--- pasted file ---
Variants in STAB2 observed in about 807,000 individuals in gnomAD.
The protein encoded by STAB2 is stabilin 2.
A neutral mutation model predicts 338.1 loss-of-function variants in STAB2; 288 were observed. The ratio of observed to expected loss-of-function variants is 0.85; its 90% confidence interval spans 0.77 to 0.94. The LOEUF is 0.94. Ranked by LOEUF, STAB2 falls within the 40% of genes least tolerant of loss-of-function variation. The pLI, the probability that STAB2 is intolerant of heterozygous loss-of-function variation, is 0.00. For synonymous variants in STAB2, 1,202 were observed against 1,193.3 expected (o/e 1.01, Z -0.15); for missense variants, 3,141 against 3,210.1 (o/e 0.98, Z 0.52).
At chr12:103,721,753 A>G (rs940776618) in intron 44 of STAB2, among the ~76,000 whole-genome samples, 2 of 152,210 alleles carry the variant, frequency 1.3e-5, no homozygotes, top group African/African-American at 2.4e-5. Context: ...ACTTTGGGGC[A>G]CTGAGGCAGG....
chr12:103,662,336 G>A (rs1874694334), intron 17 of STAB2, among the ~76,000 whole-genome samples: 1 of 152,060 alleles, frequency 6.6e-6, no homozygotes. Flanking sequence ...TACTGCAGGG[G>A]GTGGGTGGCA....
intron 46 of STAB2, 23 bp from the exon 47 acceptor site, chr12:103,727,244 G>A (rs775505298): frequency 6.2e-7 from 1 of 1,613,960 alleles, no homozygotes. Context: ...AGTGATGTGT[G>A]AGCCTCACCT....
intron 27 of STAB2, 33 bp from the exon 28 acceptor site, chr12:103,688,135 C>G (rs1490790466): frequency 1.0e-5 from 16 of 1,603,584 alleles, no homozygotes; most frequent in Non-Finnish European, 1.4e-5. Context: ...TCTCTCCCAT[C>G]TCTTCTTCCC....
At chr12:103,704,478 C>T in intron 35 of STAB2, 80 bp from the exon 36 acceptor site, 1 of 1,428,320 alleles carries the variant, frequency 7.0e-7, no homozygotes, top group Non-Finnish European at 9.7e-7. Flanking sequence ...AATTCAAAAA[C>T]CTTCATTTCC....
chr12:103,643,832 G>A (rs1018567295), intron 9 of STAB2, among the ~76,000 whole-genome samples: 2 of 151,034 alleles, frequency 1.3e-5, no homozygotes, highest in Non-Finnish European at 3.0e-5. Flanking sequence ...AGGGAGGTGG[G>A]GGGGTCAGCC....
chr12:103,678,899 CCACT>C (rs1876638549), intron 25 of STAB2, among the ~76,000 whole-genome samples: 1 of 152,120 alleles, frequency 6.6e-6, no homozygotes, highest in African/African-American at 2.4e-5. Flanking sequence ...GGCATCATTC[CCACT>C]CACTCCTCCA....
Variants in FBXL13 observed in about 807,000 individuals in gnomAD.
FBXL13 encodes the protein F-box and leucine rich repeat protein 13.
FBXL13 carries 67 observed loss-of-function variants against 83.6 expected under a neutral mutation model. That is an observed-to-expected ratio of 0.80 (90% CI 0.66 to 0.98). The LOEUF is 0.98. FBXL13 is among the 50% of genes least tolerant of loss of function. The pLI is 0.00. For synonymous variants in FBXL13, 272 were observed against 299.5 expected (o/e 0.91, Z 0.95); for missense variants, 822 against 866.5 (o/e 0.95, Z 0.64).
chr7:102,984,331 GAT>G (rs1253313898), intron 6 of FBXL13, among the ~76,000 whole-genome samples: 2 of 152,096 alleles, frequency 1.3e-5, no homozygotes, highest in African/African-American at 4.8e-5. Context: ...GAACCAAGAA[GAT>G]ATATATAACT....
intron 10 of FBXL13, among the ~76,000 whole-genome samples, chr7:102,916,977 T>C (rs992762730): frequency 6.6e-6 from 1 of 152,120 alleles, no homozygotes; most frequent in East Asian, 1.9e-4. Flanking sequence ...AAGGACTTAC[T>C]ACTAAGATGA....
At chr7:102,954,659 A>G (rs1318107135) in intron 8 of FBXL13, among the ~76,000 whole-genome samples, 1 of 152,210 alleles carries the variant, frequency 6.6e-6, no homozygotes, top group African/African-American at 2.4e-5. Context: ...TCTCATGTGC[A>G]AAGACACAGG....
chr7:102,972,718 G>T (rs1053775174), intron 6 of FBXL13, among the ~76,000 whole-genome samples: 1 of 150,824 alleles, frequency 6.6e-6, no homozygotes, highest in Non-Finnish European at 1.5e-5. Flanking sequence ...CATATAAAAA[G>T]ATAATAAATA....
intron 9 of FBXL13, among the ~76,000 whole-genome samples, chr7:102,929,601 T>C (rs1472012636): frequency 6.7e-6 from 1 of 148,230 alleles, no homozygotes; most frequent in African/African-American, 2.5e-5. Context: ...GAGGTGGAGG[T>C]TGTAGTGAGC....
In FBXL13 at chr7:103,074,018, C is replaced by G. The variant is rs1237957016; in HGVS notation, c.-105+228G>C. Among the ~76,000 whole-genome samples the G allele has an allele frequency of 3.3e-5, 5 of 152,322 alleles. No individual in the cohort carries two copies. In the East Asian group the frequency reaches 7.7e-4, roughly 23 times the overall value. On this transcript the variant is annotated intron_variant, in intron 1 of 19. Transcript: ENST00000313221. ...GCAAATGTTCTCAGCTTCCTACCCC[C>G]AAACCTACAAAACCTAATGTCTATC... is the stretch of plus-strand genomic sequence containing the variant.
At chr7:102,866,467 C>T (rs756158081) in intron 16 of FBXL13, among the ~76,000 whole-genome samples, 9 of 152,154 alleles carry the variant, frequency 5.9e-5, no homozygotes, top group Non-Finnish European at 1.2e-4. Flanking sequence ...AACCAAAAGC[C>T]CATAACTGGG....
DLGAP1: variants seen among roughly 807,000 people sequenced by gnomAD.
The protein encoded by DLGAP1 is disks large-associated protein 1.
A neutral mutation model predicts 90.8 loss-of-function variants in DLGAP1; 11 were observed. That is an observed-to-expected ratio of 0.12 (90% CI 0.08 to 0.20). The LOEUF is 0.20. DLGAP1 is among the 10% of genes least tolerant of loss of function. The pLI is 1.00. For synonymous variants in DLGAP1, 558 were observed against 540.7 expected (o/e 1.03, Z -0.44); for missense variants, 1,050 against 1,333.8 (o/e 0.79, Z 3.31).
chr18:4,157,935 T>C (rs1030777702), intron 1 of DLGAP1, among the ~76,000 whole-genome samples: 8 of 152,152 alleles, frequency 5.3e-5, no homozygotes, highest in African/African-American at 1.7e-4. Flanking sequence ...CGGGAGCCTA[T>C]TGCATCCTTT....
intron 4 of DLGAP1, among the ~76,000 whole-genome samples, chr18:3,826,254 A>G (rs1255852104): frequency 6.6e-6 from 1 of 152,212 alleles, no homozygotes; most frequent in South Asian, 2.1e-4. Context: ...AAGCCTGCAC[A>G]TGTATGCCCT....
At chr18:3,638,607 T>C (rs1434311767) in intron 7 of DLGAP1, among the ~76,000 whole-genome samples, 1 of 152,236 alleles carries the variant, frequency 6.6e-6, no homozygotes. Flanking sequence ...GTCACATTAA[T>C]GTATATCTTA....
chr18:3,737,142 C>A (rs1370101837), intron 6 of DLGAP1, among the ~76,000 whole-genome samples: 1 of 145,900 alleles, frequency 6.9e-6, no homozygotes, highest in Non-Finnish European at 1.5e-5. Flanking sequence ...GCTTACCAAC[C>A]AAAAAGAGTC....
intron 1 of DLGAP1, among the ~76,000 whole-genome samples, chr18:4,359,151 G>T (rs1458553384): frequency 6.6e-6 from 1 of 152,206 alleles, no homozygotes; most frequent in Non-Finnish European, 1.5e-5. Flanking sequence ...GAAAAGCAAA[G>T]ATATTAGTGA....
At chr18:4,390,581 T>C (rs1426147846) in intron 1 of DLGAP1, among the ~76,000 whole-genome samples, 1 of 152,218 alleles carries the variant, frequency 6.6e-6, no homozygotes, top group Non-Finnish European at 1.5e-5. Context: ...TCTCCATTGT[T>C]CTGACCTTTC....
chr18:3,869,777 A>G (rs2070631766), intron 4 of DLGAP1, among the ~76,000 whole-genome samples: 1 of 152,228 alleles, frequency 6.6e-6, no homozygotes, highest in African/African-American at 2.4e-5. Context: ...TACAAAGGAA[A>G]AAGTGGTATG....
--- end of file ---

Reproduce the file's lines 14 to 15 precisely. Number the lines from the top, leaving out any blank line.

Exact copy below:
chr7:102,984,331 GAT>G (rs1253313898), intron 6 of FBXL13, among the ~76,000 whole-genome samples: 2 of 152,096 alleles, frequency 1.3e-5, no homozygotes, highest in African/African-American at 4.8e-5. Context: ...GAACCAAGAA[GAT>G]ATATATAACT....
intron 10 of FBXL13, among the ~76,000 whole-genome samples, chr7:102,916,977 T>C (rs992762730): frequency 6.6e-6 from 1 of 152,120 alleles, no homozygotes; most frequent in East Asian, 1.9e-4. Flanking sequence ...AAGGACTTAC[T>C]ACTAAGATGA....